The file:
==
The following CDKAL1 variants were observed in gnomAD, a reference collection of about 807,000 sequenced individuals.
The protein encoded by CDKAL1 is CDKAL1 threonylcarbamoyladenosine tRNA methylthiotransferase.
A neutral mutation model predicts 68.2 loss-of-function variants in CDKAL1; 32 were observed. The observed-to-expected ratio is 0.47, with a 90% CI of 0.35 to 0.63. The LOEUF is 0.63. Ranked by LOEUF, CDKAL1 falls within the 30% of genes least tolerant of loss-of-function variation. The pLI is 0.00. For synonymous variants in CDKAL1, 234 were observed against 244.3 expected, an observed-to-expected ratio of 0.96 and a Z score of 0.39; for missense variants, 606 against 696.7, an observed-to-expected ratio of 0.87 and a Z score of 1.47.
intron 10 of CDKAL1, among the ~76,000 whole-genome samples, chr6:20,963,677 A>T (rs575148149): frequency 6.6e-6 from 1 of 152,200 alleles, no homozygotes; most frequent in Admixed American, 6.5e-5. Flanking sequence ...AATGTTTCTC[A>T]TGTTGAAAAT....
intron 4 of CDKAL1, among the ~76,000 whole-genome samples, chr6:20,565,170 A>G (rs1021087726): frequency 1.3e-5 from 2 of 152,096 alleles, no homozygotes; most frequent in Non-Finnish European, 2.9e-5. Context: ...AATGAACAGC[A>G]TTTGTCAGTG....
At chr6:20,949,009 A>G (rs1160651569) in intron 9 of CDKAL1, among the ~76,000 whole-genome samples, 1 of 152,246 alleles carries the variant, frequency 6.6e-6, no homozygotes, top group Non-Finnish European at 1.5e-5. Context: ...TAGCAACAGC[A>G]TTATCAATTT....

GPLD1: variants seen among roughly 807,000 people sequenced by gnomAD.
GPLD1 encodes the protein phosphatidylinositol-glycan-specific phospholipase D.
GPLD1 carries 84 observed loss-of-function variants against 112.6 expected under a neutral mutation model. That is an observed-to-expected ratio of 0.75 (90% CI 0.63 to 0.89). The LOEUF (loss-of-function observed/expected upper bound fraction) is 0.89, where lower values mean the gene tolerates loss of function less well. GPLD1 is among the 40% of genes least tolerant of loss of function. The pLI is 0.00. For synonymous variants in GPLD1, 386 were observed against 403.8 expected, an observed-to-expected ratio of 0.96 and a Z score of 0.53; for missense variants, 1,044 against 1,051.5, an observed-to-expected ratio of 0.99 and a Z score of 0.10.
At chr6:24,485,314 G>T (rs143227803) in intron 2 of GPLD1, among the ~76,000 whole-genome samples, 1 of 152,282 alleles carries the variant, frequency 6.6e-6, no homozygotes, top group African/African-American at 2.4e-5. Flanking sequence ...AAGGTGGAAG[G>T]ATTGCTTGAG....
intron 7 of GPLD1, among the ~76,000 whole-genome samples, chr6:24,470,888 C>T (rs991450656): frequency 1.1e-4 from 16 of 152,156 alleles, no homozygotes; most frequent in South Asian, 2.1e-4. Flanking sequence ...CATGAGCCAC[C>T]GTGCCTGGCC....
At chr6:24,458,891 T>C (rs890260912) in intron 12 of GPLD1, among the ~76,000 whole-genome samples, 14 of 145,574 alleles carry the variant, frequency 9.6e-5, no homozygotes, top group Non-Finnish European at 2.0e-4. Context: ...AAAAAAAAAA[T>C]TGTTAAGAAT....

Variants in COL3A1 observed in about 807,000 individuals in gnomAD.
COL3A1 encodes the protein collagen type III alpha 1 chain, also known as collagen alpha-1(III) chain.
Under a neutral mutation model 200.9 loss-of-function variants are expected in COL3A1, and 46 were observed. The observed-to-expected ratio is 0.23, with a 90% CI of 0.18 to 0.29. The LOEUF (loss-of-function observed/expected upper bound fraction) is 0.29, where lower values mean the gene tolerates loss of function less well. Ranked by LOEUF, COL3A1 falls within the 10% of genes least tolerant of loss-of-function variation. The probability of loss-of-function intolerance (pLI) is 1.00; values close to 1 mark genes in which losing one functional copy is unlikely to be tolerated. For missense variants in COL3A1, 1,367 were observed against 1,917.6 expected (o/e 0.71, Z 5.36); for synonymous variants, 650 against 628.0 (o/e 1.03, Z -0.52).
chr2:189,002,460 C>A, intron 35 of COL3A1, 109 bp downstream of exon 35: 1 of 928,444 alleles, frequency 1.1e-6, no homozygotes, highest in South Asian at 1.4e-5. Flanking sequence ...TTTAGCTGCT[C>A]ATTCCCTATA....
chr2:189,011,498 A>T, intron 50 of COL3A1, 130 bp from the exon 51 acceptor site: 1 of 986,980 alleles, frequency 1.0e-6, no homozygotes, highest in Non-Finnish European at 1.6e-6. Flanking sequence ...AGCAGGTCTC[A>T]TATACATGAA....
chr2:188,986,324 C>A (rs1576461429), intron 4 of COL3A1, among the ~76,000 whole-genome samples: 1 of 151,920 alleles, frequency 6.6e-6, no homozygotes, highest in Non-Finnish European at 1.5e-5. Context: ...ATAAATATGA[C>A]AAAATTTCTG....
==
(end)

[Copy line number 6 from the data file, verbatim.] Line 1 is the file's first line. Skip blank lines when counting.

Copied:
At chr6:20,949,009 A>G (rs1160651569) in intron 9 of CDKAL1, among the ~76,000 whole-genome samples, 1 of 152,246 alleles carries the variant, frequency 6.6e-6, no homozygotes, top group Non-Finnish European at 1.5e-5. Context: ...TAGCAACAGC[A>G]TTATCAATTT....